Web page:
After Tobias Harris encountered a setback in his return from a high-ankle sprain, the Orlando Magic forward received a second MRI on his lower left leg and sought a second medical opinion.
The timetable for his return to the court remains in doubt, but it seems like he won’t be playing again in the immediate future.
“High-ankle sprains take time, and everybody’s healing timeline is different,” Magic general manager Rob Hennigan said Saturday. “And, right now, Tobias is working through that and trying to figure [that] out. When he feels his ankle is right, he’ll be ready to play. So, our stance right now is to be precautious and make sure that we don’t rush him back.”
The National Athletic Trainers’ Association defines a high-ankle sprain as “an injury to . . . the fibrous tissue that stabilizes the two bones of the shin.”
Harris aggravated the area on Oct. 20 during a preseason game and didn’t make his regular-season debut until Nov. 24.
Two nights later, coach Jacque Vaughn intended to put Harris in the starting lineup at small forward. But when Harris tried to warm up, he felt pain in his lower left leg. Harris was scratched from the lineup and hasn’t played since.
The injury frustrates him.
“It’s tough,” Harris said several nights ago. “But as a part of being an NBA player, you’re going to go through some bumps along the road. So I just try to keep my faith high and know myself and what I have going for me. Obviously, I’m not in the best type of mood just because I’m not playing, but I’ve just got to be patient, give it time and just progress through it. I always just try to keep my spirit high and just get through it all.”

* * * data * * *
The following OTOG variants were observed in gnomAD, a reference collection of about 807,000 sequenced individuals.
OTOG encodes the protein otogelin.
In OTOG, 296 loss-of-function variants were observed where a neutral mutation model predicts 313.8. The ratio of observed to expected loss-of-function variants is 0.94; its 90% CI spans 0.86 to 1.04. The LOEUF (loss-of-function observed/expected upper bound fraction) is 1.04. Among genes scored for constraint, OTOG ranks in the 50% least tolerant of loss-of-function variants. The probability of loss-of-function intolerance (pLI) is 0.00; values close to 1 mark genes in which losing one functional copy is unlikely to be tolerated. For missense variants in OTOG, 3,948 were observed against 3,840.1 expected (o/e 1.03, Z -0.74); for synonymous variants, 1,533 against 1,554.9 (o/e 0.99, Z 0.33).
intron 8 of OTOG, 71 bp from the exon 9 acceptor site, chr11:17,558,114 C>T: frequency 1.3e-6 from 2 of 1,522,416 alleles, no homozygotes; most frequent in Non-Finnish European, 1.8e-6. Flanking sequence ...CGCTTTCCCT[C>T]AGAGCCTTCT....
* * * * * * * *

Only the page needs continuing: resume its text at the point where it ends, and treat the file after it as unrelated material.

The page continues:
Harris, 21, entered training camp with high hopes after he played well following his trade to the Magic from the Milwaukee Bucks.
“He wants to compete,” Hennigan said. “He worked incredibly hard over the summer, and I think he feels that all that work was put forth to have a really good season for us.
“The good thing about Tobias is that he’s driven enough and he has enough of an ambition to want to get back here full throttle. But he understands that coming back here full throttle without being 100 percent may not be in the best interests of himself or our team.”
Josh Robbins covers the Orlando Magic and the NBA for the Orlando Sentinel. You can reach him via e-mail at firstname.lastname@example.org and connect with him on Facebook at facebook.com/JoshuaBRobbins. Follow him on Twitter at @JoshuaBRobbins.Copyright © 2015, The Baltimore Sun